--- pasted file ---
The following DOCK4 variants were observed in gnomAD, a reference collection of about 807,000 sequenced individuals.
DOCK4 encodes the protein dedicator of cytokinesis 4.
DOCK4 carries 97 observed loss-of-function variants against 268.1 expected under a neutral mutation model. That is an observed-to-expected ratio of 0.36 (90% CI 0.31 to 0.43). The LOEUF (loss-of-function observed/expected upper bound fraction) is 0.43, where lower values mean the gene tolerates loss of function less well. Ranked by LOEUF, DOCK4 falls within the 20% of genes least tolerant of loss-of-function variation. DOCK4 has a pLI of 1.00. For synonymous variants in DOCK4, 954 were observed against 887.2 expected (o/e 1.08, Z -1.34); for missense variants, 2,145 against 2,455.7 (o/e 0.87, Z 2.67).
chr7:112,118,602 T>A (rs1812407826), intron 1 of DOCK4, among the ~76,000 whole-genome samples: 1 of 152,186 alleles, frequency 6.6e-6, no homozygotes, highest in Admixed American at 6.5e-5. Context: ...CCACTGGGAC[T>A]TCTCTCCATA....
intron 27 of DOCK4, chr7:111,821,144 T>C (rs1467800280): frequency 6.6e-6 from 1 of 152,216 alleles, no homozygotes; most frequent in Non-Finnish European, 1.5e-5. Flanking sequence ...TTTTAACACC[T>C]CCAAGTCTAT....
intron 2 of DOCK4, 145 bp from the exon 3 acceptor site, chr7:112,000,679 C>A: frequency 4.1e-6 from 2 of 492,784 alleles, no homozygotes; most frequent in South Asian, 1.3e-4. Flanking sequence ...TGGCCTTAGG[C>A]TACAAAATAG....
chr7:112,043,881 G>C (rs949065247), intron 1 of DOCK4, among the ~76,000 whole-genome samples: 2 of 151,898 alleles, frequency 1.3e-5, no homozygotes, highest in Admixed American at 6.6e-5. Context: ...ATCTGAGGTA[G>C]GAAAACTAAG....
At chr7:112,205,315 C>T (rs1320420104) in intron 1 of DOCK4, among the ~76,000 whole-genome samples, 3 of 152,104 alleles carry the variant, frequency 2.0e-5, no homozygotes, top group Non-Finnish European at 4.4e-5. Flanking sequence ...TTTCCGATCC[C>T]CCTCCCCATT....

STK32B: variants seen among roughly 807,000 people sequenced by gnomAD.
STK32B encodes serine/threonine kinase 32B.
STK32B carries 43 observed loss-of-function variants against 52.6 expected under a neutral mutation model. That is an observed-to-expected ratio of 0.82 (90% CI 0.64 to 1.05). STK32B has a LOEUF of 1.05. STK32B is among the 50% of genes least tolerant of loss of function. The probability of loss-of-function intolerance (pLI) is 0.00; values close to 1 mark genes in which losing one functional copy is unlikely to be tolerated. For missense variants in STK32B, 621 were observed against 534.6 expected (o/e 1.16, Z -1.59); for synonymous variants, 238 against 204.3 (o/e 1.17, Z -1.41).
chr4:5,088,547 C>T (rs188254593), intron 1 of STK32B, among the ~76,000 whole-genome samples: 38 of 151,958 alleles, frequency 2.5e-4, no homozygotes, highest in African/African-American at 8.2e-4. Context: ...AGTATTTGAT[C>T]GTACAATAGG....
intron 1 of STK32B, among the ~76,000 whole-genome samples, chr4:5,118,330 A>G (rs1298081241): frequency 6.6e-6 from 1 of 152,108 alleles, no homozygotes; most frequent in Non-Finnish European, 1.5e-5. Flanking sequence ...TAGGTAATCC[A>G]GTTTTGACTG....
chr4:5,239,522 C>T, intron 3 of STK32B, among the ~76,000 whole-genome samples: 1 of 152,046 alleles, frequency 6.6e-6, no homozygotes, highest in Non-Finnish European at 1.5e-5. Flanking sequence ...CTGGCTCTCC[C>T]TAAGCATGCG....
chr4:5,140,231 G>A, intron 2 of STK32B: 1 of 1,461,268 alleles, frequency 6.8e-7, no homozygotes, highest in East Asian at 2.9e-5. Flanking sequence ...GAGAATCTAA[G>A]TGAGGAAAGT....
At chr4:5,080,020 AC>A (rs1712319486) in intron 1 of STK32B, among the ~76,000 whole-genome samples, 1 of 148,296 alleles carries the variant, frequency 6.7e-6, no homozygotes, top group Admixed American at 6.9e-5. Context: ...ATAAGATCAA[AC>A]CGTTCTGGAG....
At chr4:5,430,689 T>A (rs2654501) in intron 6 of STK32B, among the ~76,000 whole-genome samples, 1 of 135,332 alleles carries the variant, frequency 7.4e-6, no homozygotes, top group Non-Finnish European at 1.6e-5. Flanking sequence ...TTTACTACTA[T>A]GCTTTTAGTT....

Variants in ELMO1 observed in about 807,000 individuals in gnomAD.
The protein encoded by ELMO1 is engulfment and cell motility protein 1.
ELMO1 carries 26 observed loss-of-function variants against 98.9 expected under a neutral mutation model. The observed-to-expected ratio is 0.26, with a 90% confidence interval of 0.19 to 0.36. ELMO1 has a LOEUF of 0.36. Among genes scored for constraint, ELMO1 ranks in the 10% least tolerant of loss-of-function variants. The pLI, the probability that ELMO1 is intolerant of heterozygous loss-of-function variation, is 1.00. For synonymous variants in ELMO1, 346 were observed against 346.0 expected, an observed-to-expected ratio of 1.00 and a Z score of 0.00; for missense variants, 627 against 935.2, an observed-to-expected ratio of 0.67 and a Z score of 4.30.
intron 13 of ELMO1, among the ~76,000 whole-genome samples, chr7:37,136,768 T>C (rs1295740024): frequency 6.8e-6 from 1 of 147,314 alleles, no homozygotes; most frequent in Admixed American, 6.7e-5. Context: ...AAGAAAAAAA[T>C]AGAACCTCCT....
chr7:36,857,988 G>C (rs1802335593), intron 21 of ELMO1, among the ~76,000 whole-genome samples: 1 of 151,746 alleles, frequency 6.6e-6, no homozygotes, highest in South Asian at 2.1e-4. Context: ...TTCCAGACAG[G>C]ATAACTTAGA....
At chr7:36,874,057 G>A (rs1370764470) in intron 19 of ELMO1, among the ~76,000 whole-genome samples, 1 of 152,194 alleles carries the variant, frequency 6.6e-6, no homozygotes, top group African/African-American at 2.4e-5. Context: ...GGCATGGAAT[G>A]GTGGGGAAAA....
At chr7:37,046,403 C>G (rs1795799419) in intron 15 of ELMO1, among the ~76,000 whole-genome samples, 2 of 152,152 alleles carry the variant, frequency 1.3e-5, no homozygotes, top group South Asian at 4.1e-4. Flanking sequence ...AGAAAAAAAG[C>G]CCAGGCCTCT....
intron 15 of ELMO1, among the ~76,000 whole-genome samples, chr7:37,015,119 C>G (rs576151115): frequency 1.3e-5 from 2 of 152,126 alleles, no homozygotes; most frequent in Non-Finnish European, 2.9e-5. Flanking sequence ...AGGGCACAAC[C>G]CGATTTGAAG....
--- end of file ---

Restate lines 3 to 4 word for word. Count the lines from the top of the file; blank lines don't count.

DOCK4 carries 97 observed loss-of-function variants against 268.1 expected under a neutral mutation model. That is an observed-to-expected ratio of 0.36 (90% CI 0.31 to 0.43). The LOEUF (loss-of-function observed/expected upper bound fraction) is 0.43, where lower values mean the gene tolerates loss of function less well. Ranked by LOEUF, DOCK4 falls within the 20% of genes least tolerant of loss-of-function variation. DOCK4 has a pLI of 1.00. For synonymous variants in DOCK4, 954 were observed against 887.2 expected (o/e 1.08, Z -1.34); for missense variants, 2,145 against 2,455.7 (o/e 0.87, Z 2.67).
chr7:112,118,602 T>A (rs1812407826), intron 1 of DOCK4, among the ~76,000 whole-genome samples: 1 of 152,186 alleles, frequency 6.6e-6, no homozygotes, highest in Admixed American at 6.5e-5. Context: ...CCACTGGGAC[T>A]TCTCTCCATA....